New York State Route 232

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New York State Route 232 marker

New York State Route 232
Map of Jefferson and Lewis counties with NY 232 highlighted in red
Route information
Maintained by NYSDOT
Length 2.44 mi[3] (3.93 km)
Existed c. 1962[1][2] – present
Major junctions
South end I-81 in Watertown
North end US 11 in Watertown
Location
Counties Jefferson
Highway system
NY 231 NY 233

New York State Route 232 (NY 232) is a short state highway located within the town of Watertown in Jefferson County, New York, in the United States. It extends for 2.44 miles (3.93 km) from an interchange with Interstate 81 (I-81) near the community of Rices to a junction with U.S. Route 11 (US 11) southwest of Watertown Center. The route connects to County Route 64 (CR 64) at its western terminus and intersects CR 65 east of Rices. NY 232 was assigned in the early 1960s, originally using what is now Old Rices Road near I-81. It was moved onto a new alignment to the south in the late 1960s.

Route description[edit]

South end of NY 232 at I-81 in Watertown

NY 232 begins at the ramps leading to and from I-81 northbound at exit 44 southwest of the hamlet of Rices. The ramps also serve as the north end of CR 64, which continues south from I-81 to US 11 in the town of Adams. NY 232 heads northeast from the interchange, paralleling I-81 for a quarter-mile (0.4 km) to a four-way intersection with Old Rices Road and a state-maintained extension of CR 62.[4] The latter highway is part of NY 970K, an unsigned reference route that links NY 232 to the southbound half of exit 44.[5] At this point, NY 232 turns east, leaving the vicinity of I-81 to head through a rural area south of the city of Watertown.[6]

The route's easterly progression is short-lived, lasting for just a half-mile (0.8 km) as the route crosses over the St. Lawrence Subdivision, a rail line owned by CSX Transportation. Past the railroad overpass, the highway curves back to the northeast, passing south of Rices and intersecting CR 65 as it continues through mostly open and undeveloped fields for another 1.5 miles (2.4 km). The rural landscape eventually gives way to homes and businesses, which mark the southwestern edge of a commercial district surrounding US 11. NY 232 heads into the district, where it ends at an intersection with US 11.[6]

History[edit]

The section of I-81 between the village of Adams and the city of Watertown was constructed in the late 1950s.[7][8] At the time, I-81 connected to the hamlets of Rices and Watertown Center via Rices Road, a local highway that went north from the I-81 interchange and made a sharp eastward turn to cross the railroad tracks at Rices before continuing northeastward to US 11.[9] Rices Road was acquired by the state of New York c. 1962 and designated NY 232.[1][2] In 1965, the New York State Department of Transportation began looking at ways to eliminate the turn and grade crossing at Rices.[10] The results of the study led the state to develop a project moving NY 232 onto a new, more southerly alignment that bypassed the turn at Rices and crossed the rail line on an overpass. Construction on the road began June 14, 1968, and was completed in November 1969 at a cost of $1.36 million (equivalent to $9.57 million in 2018).[11][12] The old routing of NY 232 through Rices is now named Old Rices Road.[6]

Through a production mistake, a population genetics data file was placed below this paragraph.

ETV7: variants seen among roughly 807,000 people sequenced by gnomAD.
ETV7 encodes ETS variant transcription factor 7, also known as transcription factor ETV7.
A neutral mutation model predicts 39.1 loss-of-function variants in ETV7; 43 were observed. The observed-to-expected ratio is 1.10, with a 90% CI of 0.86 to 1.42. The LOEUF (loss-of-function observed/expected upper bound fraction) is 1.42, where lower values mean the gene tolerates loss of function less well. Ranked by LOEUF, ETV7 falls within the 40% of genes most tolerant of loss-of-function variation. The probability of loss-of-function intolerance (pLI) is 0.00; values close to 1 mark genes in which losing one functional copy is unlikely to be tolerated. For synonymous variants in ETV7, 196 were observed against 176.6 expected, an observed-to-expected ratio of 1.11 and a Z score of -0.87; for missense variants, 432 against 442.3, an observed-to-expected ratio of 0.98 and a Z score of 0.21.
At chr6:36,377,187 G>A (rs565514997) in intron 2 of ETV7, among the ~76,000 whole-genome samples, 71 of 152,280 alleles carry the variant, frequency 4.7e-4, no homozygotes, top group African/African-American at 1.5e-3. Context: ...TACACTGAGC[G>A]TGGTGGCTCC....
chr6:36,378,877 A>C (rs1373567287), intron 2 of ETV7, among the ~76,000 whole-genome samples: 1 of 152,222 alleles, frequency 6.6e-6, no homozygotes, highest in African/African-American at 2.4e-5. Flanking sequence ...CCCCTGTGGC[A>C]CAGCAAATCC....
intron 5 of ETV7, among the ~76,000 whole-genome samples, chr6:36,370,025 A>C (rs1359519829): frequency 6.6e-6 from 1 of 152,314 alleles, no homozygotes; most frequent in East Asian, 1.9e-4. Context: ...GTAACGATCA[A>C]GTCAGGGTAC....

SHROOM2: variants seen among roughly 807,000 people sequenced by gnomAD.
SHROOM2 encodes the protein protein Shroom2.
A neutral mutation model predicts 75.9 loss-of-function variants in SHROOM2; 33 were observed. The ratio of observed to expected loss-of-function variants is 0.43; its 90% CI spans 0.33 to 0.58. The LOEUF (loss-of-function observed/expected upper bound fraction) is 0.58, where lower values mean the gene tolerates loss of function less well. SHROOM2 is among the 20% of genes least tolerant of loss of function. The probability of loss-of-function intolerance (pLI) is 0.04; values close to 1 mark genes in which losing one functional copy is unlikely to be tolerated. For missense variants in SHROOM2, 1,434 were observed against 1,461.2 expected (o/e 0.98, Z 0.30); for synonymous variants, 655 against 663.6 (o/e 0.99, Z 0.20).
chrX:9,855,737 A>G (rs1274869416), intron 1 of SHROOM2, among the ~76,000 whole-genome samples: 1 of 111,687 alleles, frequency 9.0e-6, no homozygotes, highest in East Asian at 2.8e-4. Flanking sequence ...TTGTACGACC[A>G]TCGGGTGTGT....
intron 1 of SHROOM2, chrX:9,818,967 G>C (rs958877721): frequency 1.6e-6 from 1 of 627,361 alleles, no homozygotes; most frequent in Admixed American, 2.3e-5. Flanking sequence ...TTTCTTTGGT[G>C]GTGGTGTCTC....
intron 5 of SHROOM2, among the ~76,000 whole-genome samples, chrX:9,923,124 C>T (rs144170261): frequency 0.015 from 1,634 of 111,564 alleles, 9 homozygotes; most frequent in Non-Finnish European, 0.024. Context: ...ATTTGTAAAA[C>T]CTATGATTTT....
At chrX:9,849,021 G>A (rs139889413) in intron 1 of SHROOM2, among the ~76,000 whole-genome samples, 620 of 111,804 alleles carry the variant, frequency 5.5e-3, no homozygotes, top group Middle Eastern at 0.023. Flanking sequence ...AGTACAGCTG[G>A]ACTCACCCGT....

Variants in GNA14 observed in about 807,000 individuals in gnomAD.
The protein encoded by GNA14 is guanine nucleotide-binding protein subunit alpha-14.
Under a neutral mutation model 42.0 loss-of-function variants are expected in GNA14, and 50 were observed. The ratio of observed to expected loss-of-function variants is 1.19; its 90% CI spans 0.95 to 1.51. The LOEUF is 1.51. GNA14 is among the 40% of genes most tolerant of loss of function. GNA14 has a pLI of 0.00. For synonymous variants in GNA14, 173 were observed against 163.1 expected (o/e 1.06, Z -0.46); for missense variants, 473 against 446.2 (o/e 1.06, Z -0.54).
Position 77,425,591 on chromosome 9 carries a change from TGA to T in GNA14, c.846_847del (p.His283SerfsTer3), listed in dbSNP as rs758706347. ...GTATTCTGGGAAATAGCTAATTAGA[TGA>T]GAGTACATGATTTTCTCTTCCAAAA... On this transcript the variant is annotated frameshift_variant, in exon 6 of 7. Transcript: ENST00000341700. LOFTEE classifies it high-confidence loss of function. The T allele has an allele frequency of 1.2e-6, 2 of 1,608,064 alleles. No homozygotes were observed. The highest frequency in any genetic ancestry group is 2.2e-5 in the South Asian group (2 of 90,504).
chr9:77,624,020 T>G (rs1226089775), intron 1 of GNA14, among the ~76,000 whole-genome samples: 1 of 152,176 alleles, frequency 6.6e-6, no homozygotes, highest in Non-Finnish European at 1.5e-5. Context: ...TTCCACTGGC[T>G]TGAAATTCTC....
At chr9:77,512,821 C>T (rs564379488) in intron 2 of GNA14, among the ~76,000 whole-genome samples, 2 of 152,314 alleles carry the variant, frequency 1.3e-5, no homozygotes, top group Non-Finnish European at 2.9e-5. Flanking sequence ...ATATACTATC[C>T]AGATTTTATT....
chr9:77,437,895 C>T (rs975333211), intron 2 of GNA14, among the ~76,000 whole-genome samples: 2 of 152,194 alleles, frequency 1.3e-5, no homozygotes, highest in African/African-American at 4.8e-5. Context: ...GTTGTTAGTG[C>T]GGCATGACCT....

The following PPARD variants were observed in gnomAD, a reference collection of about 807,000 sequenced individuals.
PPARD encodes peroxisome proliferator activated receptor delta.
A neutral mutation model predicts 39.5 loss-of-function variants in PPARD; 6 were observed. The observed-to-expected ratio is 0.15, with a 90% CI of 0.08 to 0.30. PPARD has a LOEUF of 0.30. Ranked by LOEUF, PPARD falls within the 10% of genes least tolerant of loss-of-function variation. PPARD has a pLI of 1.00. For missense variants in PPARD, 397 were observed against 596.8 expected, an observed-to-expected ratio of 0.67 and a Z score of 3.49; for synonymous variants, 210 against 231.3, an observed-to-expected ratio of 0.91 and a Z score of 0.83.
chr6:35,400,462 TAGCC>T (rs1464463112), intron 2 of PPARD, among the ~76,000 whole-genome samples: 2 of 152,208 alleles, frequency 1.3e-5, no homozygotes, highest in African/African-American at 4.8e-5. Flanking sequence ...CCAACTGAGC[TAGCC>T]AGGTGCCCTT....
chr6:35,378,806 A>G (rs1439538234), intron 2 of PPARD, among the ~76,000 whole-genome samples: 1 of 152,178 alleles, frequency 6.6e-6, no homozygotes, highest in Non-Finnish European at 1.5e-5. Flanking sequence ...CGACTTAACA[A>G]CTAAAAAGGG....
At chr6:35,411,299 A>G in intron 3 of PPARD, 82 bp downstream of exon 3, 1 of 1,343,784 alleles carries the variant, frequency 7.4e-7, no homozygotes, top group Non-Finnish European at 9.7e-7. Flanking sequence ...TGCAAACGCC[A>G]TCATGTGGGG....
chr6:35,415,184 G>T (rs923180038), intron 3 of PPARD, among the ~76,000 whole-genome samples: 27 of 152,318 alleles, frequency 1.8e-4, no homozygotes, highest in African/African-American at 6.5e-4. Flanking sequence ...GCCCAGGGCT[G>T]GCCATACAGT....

Major intersections[edit]

The entire route is in Watertown, Jefferson County.

mi[3] km Destinations Notes
0.00 0.00 I-81 Exit 44 (I-81)
2.44 3.93 US 11
1.000 mi = 1.609 km; 1.000 km = 0.621 mi

See also[edit]

References[edit]

  1. ^ a b New York and Metropolitan New York (Map) (1961–62 ed.). Cartography by H.M. Gousha Company. Sunoco. 1961. 
  2. ^ a b New York with Sight-Seeing Guide (Map) (1962 ed.). Cartography by General Drafting. Esso. 1962. 
  3. ^ a b "2008 Traffic Volume Report for New York State" (PDF). New York State Department of Transportation. June 16, 2009. p. 193. Retrieved February 1, 2010. 
  4. ^ Watertown Digital Raster Quadrangle (Map). 1:24,000. New York State Department of Transportation. 1996. Retrieved April 7, 2012. 
  5. ^ New York State Department of Transportation (January 2017). Official Description of Highway Touring Routes, Bicycling Touring Routes, Scenic Byways, & Commemorative/Memorial Designations in New York State (PDF). Retrieved January 9, 2017. 
  6. ^ a b c Google (May 30, 2008). "overview map of NY 232" (Map). Google Maps. Google. Retrieved May 30, 2008. 
  7. ^ New York with Special Maps of Putnam–Rockland–Westchester Counties and Finger Lakes Region (Map) (1958 ed.). Cartography by General Drafting. Esso. 1958. 
  8. ^ New York and New Jersey Tourgide Map (Map). Cartography by Rand McNally and Company. Gulf Oil Company. 1960. 
  9. ^ "Rices Road Project Proceeding Rapidly" (PDF). Watertown Daily Times. October 11, 1968. p. 18. Retrieved April 13, 2012. 
  10. ^ "Elimination of Rices Road Dangers Studied" (PDF). Watertown Daily Times. April 2, 1965. p. 20. Retrieved April 13, 2012. 
  11. ^ "Rices Project Completion Due in Month" (PDF). Watertown Daily Times. October 1, 1969. p. 13. Retrieved April 13, 2012. 
  12. ^ Federal Reserve Bank of Minneapolis Community Development Project. "Consumer Price Index (estimate) 1800–". Federal Reserve Bank of Minneapolis. Retrieved January 2, 2018. 

External links[edit]

KML is from Wikidata